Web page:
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Oct 24th, 2002



December 12, 2008 – Comments (0)

This is fun to remember while "small gov't" Larry Kudlow  is taking the SEC to task over the Madoff fraud.

 From Senator Patrick Leahy

Those of us present at the White House when the Act was signed heard the President commend Congress for passing “a strong set of reforms.”  As the President noted that day, such new laws are little help without “new funding for investigators and technology at the Securities and Exchange Commission to uncover wrongdoing.”  The Sarbanes-Oxley Act anticipated the added resources needed to implement the Act, authorizing a 77 percent increase in SEC funding to $776 million.  Of the tools provided in the new law, the President vowed to “use them to the fullest.”

Since that signing ceremony, however, the Administration has systematically acted to weaken the same provisions of the Sarbanes-Oxley Act that the President signed with such fanfare.  Just hours after the bill signing, the White House issued “interpretive” statements that would weaken the Act’s corporate whistleblower provisions, which Senator Grassley and I authored, despite the plain statutory language and legislative intent of those provisions.  Senator Grassley and I wrote twice to the President seeking an explanation of the Administration’s actions regarding the whistleblower protections of corporate employees in the Act.  We have yet to receive a complete response to our letters.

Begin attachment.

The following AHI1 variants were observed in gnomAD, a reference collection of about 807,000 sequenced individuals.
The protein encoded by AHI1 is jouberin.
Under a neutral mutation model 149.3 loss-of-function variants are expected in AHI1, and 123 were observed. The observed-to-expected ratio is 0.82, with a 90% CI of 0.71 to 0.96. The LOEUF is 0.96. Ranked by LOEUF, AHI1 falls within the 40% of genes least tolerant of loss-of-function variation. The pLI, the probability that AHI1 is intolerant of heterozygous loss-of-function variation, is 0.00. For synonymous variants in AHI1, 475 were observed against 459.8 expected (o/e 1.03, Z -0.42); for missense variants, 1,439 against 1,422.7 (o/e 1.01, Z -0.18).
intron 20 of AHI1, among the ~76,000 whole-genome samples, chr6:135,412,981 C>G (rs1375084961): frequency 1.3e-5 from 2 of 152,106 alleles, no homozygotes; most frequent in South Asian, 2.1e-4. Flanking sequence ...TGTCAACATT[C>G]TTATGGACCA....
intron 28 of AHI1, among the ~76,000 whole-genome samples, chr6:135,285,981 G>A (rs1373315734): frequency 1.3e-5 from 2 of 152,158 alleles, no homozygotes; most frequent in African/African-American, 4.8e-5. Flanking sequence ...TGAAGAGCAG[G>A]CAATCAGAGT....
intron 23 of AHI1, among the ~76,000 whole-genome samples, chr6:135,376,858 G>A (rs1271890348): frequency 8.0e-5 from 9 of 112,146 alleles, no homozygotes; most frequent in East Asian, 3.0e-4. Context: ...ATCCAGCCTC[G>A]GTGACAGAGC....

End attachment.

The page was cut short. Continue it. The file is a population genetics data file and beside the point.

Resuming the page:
Then the Department of Justice issued “guidance” to the FBI agents and prosecutors charged with enforcing the law that also appeared to include either narrow or incomplete interpretations of the new laws provided in the Act.  I wrote to the Attorney General expressing my concern about those issues and the Department has still not, to my knowledge, issued new guidance providing prosecutors with a better and more complete interpretation of these new laws.

The whole letter...

 When I googled the phrase "cuts SEC budget" I got four relevant hits among the first 40.

From the NY Times, in 2002.

A quicky from the Big Picture, in 2003.

And the Big Picture again in 2005.

And the The Times again from 1993


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